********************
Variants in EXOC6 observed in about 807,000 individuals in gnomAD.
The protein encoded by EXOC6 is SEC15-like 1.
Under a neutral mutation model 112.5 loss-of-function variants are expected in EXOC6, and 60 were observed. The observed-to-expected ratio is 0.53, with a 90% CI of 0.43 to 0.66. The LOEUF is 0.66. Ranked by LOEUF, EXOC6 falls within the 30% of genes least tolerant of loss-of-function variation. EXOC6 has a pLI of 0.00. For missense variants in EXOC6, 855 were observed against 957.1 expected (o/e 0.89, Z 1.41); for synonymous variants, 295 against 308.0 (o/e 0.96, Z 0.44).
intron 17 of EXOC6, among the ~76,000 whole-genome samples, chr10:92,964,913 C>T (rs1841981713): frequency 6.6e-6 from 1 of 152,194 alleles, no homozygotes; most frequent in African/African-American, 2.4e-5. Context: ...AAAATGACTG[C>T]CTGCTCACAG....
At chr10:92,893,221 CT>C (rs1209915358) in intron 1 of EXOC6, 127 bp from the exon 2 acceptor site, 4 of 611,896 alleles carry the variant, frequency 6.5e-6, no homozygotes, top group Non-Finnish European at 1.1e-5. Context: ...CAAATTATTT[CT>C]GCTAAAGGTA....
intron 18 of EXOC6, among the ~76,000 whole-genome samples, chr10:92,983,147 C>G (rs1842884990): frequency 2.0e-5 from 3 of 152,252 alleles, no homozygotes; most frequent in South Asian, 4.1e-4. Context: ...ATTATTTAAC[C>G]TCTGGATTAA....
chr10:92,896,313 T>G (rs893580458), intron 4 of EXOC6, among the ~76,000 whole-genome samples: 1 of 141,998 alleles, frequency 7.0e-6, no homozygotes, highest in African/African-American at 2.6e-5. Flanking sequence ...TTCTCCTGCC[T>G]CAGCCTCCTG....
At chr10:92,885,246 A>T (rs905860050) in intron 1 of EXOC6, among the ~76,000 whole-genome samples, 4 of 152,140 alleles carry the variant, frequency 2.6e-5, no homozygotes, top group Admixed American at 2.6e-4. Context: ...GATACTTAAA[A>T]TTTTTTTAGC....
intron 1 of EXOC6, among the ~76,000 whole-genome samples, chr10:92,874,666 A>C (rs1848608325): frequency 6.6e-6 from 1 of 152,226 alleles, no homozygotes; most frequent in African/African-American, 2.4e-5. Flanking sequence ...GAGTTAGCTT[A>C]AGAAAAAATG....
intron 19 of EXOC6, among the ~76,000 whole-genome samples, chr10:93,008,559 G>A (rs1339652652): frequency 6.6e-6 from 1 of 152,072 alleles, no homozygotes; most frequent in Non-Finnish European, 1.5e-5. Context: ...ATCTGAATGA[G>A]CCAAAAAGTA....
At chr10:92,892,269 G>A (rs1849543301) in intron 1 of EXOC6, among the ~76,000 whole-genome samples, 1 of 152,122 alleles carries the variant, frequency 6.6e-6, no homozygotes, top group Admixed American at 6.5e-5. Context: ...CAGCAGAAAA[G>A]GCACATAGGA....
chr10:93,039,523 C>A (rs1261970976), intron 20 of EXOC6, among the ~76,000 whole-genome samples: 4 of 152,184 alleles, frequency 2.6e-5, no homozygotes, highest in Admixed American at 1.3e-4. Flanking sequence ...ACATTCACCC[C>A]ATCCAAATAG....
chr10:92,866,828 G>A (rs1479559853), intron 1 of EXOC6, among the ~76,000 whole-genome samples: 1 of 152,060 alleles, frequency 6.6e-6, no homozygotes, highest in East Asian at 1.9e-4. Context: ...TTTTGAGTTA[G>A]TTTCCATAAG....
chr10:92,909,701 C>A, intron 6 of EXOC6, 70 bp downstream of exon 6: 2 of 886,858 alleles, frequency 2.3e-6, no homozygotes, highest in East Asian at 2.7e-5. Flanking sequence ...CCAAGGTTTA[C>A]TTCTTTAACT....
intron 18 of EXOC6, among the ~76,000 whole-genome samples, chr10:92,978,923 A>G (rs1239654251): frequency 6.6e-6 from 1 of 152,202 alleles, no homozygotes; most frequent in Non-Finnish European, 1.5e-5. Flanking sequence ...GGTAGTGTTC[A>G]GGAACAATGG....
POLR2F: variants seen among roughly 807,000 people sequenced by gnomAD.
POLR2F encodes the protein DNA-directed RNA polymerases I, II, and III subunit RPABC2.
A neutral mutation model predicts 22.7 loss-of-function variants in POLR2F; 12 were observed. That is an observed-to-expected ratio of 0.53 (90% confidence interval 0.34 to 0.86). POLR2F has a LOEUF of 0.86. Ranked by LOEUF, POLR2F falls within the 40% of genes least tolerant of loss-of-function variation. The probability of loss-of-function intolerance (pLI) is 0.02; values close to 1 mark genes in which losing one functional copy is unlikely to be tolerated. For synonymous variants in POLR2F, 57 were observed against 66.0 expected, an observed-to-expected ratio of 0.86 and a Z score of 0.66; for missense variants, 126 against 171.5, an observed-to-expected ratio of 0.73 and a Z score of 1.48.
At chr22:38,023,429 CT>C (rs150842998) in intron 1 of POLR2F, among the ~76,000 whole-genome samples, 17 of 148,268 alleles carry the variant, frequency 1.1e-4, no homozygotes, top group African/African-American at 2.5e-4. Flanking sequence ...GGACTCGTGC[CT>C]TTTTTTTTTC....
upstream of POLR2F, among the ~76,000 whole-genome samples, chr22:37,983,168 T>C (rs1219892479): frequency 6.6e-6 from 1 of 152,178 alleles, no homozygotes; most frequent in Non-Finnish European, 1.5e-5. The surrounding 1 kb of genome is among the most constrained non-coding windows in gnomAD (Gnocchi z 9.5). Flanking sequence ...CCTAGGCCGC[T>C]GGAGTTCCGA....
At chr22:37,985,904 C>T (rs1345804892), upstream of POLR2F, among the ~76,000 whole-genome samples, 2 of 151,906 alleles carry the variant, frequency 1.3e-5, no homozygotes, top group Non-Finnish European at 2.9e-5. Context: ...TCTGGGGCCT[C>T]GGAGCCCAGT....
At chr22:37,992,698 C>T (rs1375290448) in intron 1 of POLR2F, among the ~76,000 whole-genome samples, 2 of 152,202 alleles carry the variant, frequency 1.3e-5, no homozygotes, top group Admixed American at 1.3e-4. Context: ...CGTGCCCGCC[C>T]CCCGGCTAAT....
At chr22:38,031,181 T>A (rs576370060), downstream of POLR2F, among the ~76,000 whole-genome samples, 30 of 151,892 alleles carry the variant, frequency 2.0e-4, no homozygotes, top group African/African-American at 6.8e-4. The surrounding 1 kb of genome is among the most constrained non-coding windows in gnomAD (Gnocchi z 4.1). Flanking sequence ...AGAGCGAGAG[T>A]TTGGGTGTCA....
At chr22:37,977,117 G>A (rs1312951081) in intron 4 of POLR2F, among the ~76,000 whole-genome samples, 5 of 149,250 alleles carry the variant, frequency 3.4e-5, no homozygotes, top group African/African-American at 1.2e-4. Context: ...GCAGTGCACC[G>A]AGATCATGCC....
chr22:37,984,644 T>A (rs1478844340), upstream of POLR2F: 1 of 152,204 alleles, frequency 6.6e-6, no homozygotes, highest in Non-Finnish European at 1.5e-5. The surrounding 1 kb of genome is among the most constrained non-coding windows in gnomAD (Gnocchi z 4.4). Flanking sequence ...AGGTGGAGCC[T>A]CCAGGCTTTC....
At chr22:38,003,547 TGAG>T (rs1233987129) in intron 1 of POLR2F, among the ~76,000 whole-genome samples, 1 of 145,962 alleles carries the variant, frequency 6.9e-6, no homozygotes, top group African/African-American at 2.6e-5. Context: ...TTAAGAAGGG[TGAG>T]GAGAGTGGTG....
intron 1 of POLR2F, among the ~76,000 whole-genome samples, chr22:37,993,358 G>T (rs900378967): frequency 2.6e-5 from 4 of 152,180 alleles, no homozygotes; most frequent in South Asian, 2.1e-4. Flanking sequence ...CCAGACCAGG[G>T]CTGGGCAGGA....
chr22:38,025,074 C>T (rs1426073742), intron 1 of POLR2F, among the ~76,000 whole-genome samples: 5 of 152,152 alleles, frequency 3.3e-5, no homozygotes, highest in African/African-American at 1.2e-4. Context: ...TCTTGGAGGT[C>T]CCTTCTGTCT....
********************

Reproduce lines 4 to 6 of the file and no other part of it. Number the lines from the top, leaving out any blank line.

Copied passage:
intron 17 of EXOC6, among the ~76,000 whole-genome samples, chr10:92,964,913 C>T (rs1841981713): frequency 6.6e-6 from 1 of 152,194 alleles, no homozygotes; most frequent in African/African-American, 2.4e-5. Context: ...AAAATGACTG[C>T]CTGCTCACAG....
At chr10:92,893,221 CT>C (rs1209915358) in intron 1 of EXOC6, 127 bp from the exon 2 acceptor site, 4 of 611,896 alleles carry the variant, frequency 6.5e-6, no homozygotes, top group Non-Finnish European at 1.1e-5. Context: ...CAAATTATTT[CT>C]GCTAAAGGTA....
intron 18 of EXOC6, among the ~76,000 whole-genome samples, chr10:92,983,147 C>G (rs1842884990): frequency 2.0e-5 from 3 of 152,252 alleles, no homozygotes; most frequent in South Asian, 4.1e-4. Context: ...ATTATTTAAC[C>G]TCTGGATTAA....